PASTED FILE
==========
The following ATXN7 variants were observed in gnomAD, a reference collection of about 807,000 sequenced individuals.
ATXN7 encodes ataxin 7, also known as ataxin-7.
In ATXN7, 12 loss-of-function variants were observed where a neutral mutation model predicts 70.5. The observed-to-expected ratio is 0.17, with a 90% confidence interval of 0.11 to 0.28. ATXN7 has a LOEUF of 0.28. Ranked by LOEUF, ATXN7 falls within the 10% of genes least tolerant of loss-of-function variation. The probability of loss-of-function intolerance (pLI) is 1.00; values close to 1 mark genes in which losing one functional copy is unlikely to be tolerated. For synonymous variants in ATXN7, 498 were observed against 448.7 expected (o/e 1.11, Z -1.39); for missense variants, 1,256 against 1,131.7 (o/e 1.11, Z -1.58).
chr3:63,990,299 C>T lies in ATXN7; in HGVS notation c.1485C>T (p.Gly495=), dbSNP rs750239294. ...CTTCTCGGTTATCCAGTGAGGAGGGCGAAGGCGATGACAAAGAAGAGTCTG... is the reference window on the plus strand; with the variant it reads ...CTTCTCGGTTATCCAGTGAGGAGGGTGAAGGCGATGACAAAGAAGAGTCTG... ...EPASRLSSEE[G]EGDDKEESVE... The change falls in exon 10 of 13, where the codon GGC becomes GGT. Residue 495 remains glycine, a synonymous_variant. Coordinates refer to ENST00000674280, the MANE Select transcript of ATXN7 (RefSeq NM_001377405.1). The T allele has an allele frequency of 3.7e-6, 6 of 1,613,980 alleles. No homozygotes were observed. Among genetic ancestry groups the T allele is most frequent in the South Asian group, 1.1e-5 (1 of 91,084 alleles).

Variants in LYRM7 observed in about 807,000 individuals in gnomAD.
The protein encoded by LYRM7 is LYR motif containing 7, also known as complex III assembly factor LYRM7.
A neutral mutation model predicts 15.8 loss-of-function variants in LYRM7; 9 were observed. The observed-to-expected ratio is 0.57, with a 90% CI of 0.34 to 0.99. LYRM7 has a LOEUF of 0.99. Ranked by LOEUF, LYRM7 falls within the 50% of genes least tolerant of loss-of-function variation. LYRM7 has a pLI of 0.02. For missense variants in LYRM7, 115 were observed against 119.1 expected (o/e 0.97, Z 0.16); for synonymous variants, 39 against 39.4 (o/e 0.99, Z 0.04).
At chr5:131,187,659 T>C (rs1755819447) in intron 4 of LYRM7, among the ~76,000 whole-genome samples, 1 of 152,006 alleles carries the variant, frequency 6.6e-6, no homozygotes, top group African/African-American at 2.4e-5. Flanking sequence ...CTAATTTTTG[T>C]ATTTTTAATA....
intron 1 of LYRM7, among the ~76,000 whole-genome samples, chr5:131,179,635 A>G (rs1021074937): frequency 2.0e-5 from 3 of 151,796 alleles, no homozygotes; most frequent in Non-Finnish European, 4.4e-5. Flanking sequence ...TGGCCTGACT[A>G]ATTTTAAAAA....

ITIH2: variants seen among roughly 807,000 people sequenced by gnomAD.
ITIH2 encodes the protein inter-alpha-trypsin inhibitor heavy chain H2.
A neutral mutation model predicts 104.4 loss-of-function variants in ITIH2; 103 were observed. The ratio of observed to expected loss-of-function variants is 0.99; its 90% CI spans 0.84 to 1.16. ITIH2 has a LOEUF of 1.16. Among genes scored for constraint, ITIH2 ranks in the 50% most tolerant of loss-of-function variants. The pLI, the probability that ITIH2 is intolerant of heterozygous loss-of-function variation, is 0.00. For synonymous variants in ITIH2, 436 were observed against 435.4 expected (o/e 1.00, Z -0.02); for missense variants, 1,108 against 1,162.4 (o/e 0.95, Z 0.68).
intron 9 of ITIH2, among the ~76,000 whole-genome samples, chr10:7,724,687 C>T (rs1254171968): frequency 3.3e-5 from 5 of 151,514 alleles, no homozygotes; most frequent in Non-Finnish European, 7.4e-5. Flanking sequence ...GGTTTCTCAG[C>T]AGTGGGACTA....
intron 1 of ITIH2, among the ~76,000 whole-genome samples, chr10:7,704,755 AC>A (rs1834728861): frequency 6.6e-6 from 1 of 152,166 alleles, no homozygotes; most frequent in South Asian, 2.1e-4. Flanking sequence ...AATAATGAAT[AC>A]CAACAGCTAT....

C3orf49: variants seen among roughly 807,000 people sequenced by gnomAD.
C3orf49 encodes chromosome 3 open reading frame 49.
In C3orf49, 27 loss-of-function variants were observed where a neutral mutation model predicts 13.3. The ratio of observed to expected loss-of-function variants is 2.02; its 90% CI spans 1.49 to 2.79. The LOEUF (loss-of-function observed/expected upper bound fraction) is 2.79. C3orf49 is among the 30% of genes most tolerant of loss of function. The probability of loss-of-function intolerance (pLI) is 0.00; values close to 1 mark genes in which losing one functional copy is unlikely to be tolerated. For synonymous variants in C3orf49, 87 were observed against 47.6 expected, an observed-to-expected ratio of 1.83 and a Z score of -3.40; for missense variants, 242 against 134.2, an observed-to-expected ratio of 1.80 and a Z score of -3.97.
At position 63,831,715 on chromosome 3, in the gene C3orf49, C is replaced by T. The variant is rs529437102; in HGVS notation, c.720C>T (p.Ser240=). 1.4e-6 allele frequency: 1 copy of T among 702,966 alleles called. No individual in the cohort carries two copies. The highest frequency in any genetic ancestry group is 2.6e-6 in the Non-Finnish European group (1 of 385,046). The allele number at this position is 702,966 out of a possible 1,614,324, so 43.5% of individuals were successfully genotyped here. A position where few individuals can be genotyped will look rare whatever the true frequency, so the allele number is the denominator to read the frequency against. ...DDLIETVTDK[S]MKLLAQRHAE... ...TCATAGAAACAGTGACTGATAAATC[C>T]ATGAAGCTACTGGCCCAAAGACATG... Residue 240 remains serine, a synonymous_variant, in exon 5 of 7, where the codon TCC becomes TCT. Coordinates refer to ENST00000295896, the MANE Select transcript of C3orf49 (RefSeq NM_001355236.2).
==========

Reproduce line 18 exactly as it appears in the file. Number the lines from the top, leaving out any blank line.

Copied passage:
At position 63,831,715 on chromosome 3, in the gene C3orf49, C is replaced by T. The variant is rs529437102; in HGVS notation, c.720C>T (p.Ser240=). 1.4e-6 allele frequency: 1 copy of T among 702,966 alleles called. No individual in the cohort carries two copies. The highest frequency in any genetic ancestry group is 2.6e-6 in the Non-Finnish European group (1 of 385,046). The allele number at this position is 702,966 out of a possible 1,614,324, so 43.5% of individuals were successfully genotyped here. A position where few individuals can be genotyped will look rare whatever the true frequency, so the allele number is the denominator to read the frequency against. ...DDLIETVTDK[S]MKLLAQRHAE... ...TCATAGAAACAGTGACTGATAAATC[C>T]ATGAAGCTACTGGCCCAAAGACATG... Residue 240 remains serine, a synonymous_variant, in exon 5 of 7, where the codon TCC becomes TCT. Coordinates refer to ENST00000295896, the MANE Select transcript of C3orf49 (RefSeq NM_001355236.2).